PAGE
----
There are fewer upfront costs in manual testing, as tooling can be minimal, especially if you’re just getting started. Manual testing allows testers to conduct exploratory testing or random testing, which means they are free to deviate from the test cases as they see fit. The testing process is not limited to just the steps detailed in the test case so that testers can increase their test coverage. Manual testing also allows the tester to adapt quickly to small changes in the user interface or functionality without needing to re-write the test cases.

Disadvantages of Manual Testing

Manual testing can be time-consuming, as a human performs each test without the support of automated scripts. For example, a single test case could easily take several minutes or maybe even hours to execute. Due to the human component of manual testing, it is also prone to human error. That’s why it’s vital to hire experienced testers who are thorough and quality-driven.

Advantages of Automation Testing

Automation testing is less time-consuming once you’re up and running. After the scripts have been written and the tooling implemented, running tests can be done pretty quickly.  Automation testing tends to be more accurate as there is less room for human error (assuming the test scripts are accurately written).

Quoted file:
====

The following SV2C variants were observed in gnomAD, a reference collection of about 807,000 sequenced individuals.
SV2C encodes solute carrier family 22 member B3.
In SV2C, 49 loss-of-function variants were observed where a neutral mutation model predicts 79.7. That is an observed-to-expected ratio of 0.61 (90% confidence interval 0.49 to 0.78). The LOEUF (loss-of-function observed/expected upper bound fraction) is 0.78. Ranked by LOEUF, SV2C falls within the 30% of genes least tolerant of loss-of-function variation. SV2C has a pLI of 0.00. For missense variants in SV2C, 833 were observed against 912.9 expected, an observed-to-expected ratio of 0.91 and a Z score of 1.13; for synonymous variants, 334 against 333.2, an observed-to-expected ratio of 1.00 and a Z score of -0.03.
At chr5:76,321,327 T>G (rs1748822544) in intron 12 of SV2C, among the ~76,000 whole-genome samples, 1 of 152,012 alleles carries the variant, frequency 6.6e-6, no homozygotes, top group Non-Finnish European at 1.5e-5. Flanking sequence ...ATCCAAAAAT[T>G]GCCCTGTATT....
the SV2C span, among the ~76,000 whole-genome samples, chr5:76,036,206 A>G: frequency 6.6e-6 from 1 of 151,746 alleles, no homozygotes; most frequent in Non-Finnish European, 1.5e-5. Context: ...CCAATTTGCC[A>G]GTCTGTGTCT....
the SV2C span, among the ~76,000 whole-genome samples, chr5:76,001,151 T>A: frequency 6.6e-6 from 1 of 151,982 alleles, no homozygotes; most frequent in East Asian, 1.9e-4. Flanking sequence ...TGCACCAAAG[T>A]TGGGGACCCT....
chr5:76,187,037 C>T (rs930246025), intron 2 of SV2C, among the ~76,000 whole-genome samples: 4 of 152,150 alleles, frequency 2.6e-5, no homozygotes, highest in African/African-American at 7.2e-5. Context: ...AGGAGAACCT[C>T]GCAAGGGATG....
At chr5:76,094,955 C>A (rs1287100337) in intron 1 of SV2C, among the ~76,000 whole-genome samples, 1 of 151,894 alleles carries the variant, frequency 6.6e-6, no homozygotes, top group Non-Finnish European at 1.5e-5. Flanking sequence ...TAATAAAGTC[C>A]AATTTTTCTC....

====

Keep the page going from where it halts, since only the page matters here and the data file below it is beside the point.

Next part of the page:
Disadvantages of Automation Testing

The main disadvantage of automation testing is that programming skills are needed, which raises the entry barrier and also increases hiring costs. Automation testing also requires spending more time upfront to get the tooling and scripts up and running.

With automation testing, the test is limited and restricted to the scope of the script itself. In other words, there isn’t the scope for exploratory testing or random testing as allowed by manual testing. It also means the script needs updating anytime there are changes (even small changes) to the user interface. Automation testing doesn’t mirror the mind of a human, and humans are very smart and intuitive.

Choosing Manual or Automation Testing